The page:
There is a variation in how different groups of people get justice, especially in international courts. Some people get justice faster, others take time, and for some, justice does not come their way. Lesbian, gay, bisexual, transgender, and queer (LGBTQ+) victims are faced with many challenges, some of which are serious criminal offenses. They, therefore, end up becoming victims because of their sexual orientation.
Here comes the big question, is there justice for LGBTQ+ victims?
Below are some of the issues that affect the LGBTQ+ community, as we aim to find out if there is justice for LGBTQ+ victims or not.
Discrimination & Harassment
LGBTQ+ victims undergo a lot of discrimination, harassment, and even violence. Such scenarios happen in places where they seek help, as well as in our own communities. There can be the accusation that the crime is self-caused or self-attracted. The victims, therefore, end up getting physically or psychologically harassed as they seek for help. For instance, in some places, when they go to hospitals, the medical staff tends to be reluctant to serve them because they feel that they deserve less.
Another challenge that the victims experience is discrimination. In certain communities, queer people are classified as outcasts, hence isolated. When they complain of having undergone criminal acts such as rape and sexual harassment, they are ignored.
When trying to seek justice in law courts, the process is long, and the dominating challenges are discrimination and harassment. The process, therefore, discourages them from attempting to seek justice.
Inadequate Resources for LGBTQ+ Victims
Resources for LGBTQ+ victims are either few or not there altogether. For instance, there are no specific courts to serve LGBTQ+ victims than groups such as the disabled, children, and mentally ill people.
The support system is also limited, discouraging the victims from expressing any form of violence they undergo. Such victims, therefore, become dependent on other people, some of whom are their abusers. Getting justice in such a condition is tricky; hence justice is not realized in the long-run.
Flat-out Refusal to Serve LGBTQ+ Victims
There are a good number of institutions that fail to serve LGBTQ+ victims. They ignore the victims deliberately, and if they serve them, they offer low-ball services with less help to the victims. When they file cases, investigations are poorly done. Doctors fail to do a proper analysis hence a gap in the evidence.
When seeking justice at the courts, the magistrates are biased and have an attitude towards the LGBTQ+ community. The prosecutors also present the cases without tangible evidence, which makes the victims lose cases. On losing cases, the victims feel discriminated against and not report more cases when their rights infringed.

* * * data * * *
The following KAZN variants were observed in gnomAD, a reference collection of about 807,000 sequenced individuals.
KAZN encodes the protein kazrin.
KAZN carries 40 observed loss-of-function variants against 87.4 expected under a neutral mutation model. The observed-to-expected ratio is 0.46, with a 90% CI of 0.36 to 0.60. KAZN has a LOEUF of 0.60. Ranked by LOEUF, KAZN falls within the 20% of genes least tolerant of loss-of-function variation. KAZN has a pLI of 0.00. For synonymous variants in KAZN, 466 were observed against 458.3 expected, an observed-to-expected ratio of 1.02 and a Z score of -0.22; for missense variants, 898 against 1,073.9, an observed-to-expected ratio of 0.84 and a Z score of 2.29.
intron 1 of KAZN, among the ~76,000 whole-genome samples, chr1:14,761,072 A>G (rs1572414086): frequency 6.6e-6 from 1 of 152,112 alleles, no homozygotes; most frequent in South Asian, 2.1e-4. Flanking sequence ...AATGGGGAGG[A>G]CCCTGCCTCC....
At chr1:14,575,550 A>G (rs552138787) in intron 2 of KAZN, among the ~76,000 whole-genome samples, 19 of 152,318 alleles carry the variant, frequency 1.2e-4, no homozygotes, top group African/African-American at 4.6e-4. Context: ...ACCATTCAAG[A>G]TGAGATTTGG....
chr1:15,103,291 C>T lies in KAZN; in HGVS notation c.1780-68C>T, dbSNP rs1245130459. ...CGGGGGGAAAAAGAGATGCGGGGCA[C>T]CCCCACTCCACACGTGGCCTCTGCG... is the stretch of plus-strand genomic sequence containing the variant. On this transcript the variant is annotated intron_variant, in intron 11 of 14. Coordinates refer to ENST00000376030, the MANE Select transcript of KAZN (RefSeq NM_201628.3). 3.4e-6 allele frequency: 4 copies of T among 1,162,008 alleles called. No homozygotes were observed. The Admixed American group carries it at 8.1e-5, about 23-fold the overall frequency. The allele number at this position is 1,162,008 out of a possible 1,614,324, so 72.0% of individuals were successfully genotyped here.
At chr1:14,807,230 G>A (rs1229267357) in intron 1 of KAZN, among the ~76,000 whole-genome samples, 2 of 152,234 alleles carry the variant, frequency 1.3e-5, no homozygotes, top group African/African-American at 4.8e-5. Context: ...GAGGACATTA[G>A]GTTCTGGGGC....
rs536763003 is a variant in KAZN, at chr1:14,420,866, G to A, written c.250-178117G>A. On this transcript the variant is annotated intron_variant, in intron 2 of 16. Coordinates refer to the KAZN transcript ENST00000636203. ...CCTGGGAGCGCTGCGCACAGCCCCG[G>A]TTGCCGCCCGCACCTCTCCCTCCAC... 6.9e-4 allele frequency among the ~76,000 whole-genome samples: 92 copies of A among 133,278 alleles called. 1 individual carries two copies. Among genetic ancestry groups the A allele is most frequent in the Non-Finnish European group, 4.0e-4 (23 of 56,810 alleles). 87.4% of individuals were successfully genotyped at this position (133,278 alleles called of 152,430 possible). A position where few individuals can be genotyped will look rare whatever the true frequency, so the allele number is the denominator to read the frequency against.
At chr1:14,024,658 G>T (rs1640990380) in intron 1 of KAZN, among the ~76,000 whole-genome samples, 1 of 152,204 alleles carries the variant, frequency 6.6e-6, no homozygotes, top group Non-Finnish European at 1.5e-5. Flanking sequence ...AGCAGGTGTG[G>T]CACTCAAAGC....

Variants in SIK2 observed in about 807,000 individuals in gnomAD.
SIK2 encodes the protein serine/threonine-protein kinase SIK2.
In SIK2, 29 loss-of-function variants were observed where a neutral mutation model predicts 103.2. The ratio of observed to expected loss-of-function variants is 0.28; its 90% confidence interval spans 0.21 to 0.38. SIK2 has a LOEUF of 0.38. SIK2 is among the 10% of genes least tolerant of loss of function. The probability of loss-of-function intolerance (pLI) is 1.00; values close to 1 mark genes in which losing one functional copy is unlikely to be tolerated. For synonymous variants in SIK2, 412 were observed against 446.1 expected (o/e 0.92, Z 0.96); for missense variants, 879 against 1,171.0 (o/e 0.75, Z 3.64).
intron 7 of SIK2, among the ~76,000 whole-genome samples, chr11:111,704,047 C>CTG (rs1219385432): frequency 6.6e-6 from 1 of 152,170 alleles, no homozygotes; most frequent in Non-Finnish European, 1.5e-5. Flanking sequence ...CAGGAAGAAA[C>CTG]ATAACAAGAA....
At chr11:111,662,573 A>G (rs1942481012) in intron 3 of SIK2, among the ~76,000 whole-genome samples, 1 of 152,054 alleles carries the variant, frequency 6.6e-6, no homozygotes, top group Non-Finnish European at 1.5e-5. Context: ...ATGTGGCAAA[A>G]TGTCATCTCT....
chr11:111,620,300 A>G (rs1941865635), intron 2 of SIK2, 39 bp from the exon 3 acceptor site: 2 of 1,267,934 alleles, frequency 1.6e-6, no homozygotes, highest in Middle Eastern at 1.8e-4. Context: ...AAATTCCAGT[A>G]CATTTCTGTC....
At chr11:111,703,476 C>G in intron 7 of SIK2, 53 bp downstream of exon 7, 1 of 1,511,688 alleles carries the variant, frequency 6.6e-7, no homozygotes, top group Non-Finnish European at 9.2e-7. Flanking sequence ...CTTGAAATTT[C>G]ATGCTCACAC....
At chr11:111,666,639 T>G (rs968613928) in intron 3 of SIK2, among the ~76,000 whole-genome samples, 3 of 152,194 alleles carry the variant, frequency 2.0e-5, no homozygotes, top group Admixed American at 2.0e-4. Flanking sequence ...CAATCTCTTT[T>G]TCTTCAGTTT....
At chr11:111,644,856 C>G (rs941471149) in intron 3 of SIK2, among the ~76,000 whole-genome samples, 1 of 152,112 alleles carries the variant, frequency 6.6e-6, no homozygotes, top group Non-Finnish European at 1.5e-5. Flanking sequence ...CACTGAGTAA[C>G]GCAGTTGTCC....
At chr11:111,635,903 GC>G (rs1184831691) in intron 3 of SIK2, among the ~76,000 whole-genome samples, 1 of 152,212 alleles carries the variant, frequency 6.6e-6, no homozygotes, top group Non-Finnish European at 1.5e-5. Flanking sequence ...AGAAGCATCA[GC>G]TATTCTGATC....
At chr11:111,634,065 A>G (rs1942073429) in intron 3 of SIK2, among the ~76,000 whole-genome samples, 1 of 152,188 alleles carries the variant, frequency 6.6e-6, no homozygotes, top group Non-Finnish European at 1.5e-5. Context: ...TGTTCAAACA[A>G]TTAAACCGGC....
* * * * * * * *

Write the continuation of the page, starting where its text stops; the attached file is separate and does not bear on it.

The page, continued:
Failure to Clearly Explain the Rules Regarding LGBTQ+ Victims
Imagine trying to seek justice in a system that does not clearly state what happens when your rights are violated. It is one of the challenges that LGBTQ+ victims face. Most countries have constitutions that have a gap when it comes to LGBTQ+ victims.
Most victims do not know their rights; hence, they do not know what to do when their rights are violated.
When seeking justice, court professionals meant to help the victims keep them off. At times, the sentence to the perpetrators is not clearly stated. Therefore, the system is not transparent, and due to its weakness, the chances of losing cases are very high.
Lack of Specific & Focused Services
Specific groups such as the aged, children, and the disabled have specific services that serve them. They include shelter places, specific offices to serve them. The most discouraging thing is that LGBTQ+ victims do not have specific, focused services.
After getting their rights violated, they still end up living with the violators without any form of safety. As a result, violence continues. At times the perpetrators get a perfect chance to interfere with the justice procedures, ending up not getting justice.
There may be clearly stated rules that govern the handling of LGBTQ+ victims. However, the procedure of getting an individual victim to get their justice is, at most times, complicated in most countries. Most victims, therefore, do not get justice, bringing us to the conclusion that there is very little overall justice for LGBTQ+ victims.
About the Author:
Christine Siamanta Kinori grew up in a little village in Kenya known as Loitoktok near the border of Kenya and Tanzania. All she wanted to do when she grew up was to explore the world. Her curiosity led her to join Nairobi University to pursue a degree in Journalism and Mass Communications. She later got a job with an amazing travel magazine Nomad Africa which gave her the opportunity to explore Africa. She also writes for numerous travel websites about Africa and tries to create a new narrative in the media about our aesthetic continent.
Christine claims to have somewhat unhealthy addiction to TV and reading, as it is a fun way to keep herself occupied during the long journeys for her travel writing. She is also a believer of letting people be their beautiful selves. To her, love is love and it is the greatest gift we have as humans.